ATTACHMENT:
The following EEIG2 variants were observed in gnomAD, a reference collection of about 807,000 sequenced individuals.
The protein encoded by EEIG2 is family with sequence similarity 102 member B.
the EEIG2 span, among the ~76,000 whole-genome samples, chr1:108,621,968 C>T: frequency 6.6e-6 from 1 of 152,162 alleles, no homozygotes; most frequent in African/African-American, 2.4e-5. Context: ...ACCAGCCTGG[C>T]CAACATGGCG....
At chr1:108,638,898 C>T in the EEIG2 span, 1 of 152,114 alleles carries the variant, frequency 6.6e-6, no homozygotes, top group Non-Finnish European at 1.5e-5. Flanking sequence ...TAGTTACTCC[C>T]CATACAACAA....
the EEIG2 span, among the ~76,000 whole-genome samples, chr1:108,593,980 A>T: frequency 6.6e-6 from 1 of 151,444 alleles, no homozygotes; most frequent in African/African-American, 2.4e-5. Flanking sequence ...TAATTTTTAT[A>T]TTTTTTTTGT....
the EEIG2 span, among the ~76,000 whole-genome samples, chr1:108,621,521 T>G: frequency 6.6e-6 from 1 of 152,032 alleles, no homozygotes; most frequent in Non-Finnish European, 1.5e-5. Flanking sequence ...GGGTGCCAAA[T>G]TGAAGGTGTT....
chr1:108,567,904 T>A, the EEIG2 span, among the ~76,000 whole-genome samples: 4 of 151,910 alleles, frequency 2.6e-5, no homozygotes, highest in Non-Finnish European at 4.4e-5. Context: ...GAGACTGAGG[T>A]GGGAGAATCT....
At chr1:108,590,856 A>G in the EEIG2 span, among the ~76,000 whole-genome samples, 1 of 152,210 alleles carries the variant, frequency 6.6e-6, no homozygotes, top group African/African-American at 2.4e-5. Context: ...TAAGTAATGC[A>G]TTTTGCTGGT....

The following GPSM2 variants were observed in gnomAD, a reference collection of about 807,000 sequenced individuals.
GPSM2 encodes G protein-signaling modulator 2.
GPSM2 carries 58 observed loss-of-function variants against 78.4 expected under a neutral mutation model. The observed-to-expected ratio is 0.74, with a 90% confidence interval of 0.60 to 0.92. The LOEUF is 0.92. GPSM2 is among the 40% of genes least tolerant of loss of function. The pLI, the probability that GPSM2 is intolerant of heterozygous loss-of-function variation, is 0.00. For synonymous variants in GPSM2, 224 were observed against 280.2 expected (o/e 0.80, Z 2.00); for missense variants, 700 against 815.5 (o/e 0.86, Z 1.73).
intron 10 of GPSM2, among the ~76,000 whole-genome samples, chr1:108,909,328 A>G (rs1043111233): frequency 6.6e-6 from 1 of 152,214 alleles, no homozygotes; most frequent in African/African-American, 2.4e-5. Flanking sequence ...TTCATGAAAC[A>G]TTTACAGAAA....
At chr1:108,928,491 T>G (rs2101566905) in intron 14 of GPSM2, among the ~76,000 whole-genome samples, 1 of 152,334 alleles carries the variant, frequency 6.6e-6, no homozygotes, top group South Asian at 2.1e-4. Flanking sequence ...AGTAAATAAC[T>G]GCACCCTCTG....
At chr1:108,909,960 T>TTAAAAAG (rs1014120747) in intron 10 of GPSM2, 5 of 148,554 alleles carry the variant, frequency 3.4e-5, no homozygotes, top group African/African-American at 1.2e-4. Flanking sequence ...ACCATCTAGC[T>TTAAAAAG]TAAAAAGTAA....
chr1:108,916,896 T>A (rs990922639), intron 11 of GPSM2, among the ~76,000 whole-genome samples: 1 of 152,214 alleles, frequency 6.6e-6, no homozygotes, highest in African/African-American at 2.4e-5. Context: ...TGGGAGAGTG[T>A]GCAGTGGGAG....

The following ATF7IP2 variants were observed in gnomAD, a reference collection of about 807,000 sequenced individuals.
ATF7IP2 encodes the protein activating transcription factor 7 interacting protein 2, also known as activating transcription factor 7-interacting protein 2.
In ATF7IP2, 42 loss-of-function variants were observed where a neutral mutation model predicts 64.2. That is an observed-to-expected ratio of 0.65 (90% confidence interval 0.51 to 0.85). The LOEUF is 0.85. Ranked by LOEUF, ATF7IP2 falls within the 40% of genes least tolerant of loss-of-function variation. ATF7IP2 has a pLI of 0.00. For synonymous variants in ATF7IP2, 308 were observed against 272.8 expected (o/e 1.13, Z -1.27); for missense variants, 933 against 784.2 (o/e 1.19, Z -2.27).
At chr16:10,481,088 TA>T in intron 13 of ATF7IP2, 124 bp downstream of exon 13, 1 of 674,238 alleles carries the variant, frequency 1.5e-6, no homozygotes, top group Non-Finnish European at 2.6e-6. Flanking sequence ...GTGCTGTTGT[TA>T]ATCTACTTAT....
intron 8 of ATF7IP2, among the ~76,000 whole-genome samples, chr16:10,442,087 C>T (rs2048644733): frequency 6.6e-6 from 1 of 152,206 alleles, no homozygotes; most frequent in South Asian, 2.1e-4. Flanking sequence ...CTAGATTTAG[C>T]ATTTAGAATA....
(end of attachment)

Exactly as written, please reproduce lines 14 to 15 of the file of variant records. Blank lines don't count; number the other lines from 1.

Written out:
At chr1:108,909,960 T>TTAAAAAG (rs1014120747) in intron 10 of GPSM2, 5 of 148,554 alleles carry the variant, frequency 3.4e-5, no homozygotes, top group African/African-American at 1.2e-4. Flanking sequence ...ACCATCTAGC[T>TTAAAAAG]TAAAAAGTAA....
chr1:108,916,896 T>A (rs990922639), intron 11 of GPSM2, among the ~76,000 whole-genome samples: 1 of 152,214 alleles, frequency 6.6e-6, no homozygotes, highest in African/African-American at 2.4e-5. Context: ...TGGGAGAGTG[T>A]GCAGTGGGAG....